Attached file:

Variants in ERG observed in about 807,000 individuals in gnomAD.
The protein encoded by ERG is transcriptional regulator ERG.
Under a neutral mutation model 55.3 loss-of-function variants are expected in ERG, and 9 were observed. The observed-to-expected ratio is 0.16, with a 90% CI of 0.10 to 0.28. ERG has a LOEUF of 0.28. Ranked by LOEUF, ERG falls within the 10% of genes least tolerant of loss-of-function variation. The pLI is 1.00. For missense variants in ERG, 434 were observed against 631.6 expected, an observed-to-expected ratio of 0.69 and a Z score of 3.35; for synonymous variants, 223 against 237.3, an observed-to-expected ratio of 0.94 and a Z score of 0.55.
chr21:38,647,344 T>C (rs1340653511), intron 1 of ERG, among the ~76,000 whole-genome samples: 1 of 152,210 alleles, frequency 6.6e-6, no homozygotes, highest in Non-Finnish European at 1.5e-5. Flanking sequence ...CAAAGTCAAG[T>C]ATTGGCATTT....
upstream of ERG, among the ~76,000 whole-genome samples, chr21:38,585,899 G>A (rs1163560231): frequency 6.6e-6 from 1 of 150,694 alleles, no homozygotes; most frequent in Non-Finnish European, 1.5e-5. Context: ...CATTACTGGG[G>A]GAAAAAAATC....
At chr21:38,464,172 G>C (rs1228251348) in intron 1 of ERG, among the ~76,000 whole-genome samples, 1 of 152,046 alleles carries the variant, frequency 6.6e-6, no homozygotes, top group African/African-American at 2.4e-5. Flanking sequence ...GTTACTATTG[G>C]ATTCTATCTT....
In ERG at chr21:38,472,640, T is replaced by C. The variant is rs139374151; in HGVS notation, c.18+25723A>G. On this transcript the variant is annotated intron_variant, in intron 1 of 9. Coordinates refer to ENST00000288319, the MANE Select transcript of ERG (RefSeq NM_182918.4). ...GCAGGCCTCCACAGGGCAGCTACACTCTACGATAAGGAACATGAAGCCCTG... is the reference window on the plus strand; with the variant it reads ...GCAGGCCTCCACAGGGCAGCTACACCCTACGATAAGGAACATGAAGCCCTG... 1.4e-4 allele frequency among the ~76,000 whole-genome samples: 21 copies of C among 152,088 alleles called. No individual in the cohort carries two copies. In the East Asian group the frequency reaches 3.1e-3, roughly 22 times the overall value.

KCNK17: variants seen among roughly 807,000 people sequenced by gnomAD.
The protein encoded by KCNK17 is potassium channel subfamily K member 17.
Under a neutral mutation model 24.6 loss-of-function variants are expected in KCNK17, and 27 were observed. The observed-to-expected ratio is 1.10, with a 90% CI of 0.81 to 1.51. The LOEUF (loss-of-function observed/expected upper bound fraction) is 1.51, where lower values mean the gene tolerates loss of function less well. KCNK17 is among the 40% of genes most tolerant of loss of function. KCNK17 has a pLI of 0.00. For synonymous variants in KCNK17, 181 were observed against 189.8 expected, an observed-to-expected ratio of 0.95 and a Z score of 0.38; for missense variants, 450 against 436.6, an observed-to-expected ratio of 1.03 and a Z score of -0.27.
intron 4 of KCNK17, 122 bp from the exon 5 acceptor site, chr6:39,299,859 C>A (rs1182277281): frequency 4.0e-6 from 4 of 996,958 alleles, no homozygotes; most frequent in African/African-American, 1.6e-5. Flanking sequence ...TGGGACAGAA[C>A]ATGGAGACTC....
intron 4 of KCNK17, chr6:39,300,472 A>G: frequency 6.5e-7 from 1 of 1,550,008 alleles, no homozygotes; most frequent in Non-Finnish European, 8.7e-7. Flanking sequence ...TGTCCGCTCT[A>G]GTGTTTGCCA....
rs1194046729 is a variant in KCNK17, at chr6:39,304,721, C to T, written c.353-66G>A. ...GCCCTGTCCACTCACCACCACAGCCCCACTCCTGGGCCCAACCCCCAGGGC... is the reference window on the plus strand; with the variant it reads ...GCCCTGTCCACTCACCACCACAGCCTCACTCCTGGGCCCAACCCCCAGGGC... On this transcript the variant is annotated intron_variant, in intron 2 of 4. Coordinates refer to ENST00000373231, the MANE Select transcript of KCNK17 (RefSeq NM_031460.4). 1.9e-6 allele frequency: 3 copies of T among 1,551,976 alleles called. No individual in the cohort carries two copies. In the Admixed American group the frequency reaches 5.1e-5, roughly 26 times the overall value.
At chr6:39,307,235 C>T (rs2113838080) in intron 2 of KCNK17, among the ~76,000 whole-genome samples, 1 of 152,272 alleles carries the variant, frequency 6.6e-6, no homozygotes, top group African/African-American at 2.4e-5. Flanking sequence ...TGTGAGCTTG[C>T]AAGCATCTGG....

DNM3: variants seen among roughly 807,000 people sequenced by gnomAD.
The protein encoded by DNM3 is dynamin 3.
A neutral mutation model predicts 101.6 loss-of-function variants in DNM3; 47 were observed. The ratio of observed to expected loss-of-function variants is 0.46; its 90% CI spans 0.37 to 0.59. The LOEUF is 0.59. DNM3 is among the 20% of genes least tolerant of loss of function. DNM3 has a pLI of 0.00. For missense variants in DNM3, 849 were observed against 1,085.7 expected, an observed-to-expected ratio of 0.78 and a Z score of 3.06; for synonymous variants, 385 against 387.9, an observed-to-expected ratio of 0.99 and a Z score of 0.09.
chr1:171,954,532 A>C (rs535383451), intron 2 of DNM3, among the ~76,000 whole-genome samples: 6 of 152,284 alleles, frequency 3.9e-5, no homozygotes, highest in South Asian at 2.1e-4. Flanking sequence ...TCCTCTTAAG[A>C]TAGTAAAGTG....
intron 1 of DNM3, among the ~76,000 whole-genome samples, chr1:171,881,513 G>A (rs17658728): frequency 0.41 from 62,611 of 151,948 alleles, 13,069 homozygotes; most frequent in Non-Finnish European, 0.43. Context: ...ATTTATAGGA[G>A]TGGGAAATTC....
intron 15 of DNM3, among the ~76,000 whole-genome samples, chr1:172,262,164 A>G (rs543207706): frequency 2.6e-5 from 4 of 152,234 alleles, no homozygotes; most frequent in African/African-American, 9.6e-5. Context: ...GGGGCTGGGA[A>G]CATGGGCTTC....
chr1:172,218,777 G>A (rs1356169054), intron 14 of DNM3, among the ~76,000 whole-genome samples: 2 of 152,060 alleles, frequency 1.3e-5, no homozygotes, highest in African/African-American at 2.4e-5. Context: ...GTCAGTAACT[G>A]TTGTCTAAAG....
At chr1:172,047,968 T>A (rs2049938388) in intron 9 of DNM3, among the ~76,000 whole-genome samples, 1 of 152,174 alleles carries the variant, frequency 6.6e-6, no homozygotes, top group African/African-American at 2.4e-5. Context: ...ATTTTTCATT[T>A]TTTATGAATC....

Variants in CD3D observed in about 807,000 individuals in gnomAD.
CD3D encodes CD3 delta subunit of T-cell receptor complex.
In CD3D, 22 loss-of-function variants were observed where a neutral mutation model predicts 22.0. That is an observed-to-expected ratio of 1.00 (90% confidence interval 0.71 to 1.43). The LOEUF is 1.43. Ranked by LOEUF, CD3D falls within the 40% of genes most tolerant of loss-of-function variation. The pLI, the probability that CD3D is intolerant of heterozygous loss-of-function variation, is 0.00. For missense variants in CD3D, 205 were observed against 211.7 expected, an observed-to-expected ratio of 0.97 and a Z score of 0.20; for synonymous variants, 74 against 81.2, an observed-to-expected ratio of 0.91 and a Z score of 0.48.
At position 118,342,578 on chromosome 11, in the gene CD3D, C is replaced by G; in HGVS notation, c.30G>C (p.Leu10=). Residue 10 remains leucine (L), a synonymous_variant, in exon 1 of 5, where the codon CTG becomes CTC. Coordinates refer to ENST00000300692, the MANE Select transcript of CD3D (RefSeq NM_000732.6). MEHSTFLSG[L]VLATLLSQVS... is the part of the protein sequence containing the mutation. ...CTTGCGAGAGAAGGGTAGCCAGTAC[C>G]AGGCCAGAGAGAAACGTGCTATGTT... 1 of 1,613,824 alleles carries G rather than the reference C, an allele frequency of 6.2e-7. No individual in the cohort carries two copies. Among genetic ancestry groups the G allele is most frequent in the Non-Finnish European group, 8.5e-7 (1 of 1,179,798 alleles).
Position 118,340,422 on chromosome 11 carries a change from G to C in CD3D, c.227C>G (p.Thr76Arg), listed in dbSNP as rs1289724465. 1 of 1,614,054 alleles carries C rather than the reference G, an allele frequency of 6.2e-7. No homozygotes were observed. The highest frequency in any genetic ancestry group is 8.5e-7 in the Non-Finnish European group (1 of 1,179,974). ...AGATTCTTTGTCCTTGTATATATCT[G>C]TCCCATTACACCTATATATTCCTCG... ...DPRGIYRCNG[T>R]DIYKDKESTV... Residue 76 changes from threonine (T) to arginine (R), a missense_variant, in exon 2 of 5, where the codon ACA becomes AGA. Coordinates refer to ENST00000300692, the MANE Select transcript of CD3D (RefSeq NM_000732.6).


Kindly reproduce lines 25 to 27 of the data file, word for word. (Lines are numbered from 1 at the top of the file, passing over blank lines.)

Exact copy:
In CD3D, 22 loss-of-function variants were observed where a neutral mutation model predicts 22.0. That is an observed-to-expected ratio of 1.00 (90% confidence interval 0.71 to 1.43). The LOEUF is 1.43. Ranked by LOEUF, CD3D falls within the 40% of genes most tolerant of loss-of-function variation. The pLI, the probability that CD3D is intolerant of heterozygous loss-of-function variation, is 0.00. For missense variants in CD3D, 205 were observed against 211.7 expected, an observed-to-expected ratio of 0.97 and a Z score of 0.20; for synonymous variants, 74 against 81.2, an observed-to-expected ratio of 0.91 and a Z score of 0.48.
At position 118,342,578 on chromosome 11, in the gene CD3D, C is replaced by G; in HGVS notation, c.30G>C (p.Leu10=). Residue 10 remains leucine (L), a synonymous_variant, in exon 1 of 5, where the codon CTG becomes CTC. Coordinates refer to ENST00000300692, the MANE Select transcript of CD3D (RefSeq NM_000732.6). MEHSTFLSG[L]VLATLLSQVS... is the part of the protein sequence containing the mutation. ...CTTGCGAGAGAAGGGTAGCCAGTAC[C>G]AGGCCAGAGAGAAACGTGCTATGTT... 1 of 1,613,824 alleles carries G rather than the reference C, an allele frequency of 6.2e-7. No individual in the cohort carries two copies. Among genetic ancestry groups the G allele is most frequent in the Non-Finnish European group, 8.5e-7 (1 of 1,179,798 alleles).
Position 118,340,422 on chromosome 11 carries a change from G to C in CD3D, c.227C>G (p.Thr76Arg), listed in dbSNP as rs1289724465. 1 of 1,614,054 alleles carries C rather than the reference G, an allele frequency of 6.2e-7. No homozygotes were observed. The highest frequency in any genetic ancestry group is 8.5e-7 in the Non-Finnish European group (1 of 1,179,974). ...AGATTCTTTGTCCTTGTATATATCT[G>C]TCCCATTACACCTATATATTCCTCG... ...DPRGIYRCNG[T>R]DIYKDKESTV... Residue 76 changes from threonine (T) to arginine (R), a missense_variant, in exon 2 of 5, where the codon ACA becomes AGA. Coordinates refer to ENST00000300692, the MANE Select transcript of CD3D (RefSeq NM_000732.6).